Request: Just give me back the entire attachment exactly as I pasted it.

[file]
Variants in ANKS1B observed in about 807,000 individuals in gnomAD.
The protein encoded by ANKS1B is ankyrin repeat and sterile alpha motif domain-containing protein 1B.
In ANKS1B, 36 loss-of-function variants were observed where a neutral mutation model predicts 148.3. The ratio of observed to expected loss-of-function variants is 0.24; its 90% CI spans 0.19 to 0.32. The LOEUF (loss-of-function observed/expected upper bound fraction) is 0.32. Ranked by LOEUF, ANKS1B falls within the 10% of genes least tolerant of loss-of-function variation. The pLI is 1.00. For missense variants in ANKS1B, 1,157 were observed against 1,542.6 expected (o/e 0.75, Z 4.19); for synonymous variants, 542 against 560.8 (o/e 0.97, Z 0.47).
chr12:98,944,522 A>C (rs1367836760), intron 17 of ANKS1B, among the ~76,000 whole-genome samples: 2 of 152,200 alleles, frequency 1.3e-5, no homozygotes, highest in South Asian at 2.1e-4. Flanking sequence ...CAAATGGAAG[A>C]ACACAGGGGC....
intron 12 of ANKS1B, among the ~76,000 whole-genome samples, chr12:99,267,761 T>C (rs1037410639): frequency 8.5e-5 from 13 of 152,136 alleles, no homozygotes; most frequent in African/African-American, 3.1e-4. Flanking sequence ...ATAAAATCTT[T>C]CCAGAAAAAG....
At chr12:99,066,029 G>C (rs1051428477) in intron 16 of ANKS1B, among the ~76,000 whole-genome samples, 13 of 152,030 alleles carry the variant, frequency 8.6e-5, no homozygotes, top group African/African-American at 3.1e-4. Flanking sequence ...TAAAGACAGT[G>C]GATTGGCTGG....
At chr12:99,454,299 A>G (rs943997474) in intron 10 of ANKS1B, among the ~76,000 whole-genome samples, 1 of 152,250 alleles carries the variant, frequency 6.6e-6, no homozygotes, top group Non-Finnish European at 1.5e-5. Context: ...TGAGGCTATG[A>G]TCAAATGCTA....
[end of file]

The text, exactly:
Variants in ANKS1B observed in about 807,000 individuals in gnomAD.
The protein encoded by ANKS1B is ankyrin repeat and sterile alpha motif domain-containing protein 1B.
In ANKS1B, 36 loss-of-function variants were observed where a neutral mutation model predicts 148.3. The ratio of observed to expected loss-of-function variants is 0.24; its 90% CI spans 0.19 to 0.32. The LOEUF (loss-of-function observed/expected upper bound fraction) is 0.32. Ranked by LOEUF, ANKS1B falls within the 10% of genes least tolerant of loss-of-function variation. The pLI is 1.00. For missense variants in ANKS1B, 1,157 were observed against 1,542.6 expected (o/e 0.75, Z 4.19); for synonymous variants, 542 against 560.8 (o/e 0.97, Z 0.47).
chr12:98,944,522 A>C (rs1367836760), intron 17 of ANKS1B, among the ~76,000 whole-genome samples: 2 of 152,200 alleles, frequency 1.3e-5, no homozygotes, highest in South Asian at 2.1e-4. Flanking sequence ...CAAATGGAAG[A>C]ACACAGGGGC....
intron 12 of ANKS1B, among the ~76,000 whole-genome samples, chr12:99,267,761 T>C (rs1037410639): frequency 8.5e-5 from 13 of 152,136 alleles, no homozygotes; most frequent in African/African-American, 3.1e-4. Flanking sequence ...ATAAAATCTT[T>C]CCAGAAAAAG....
At chr12:99,066,029 G>C (rs1051428477) in intron 16 of ANKS1B, among the ~76,000 whole-genome samples, 13 of 152,030 alleles carry the variant, frequency 8.6e-5, no homozygotes, top group African/African-American at 3.1e-4. Flanking sequence ...TAAAGACAGT[G>C]GATTGGCTGG....
At chr12:99,454,299 A>G (rs943997474) in intron 10 of ANKS1B, among the ~76,000 whole-genome samples, 1 of 152,250 alleles carries the variant, frequency 6.6e-6, no homozygotes, top group Non-Finnish European at 1.5e-5. Context: ...TGAGGCTATG[A>G]TCAAATGCTA....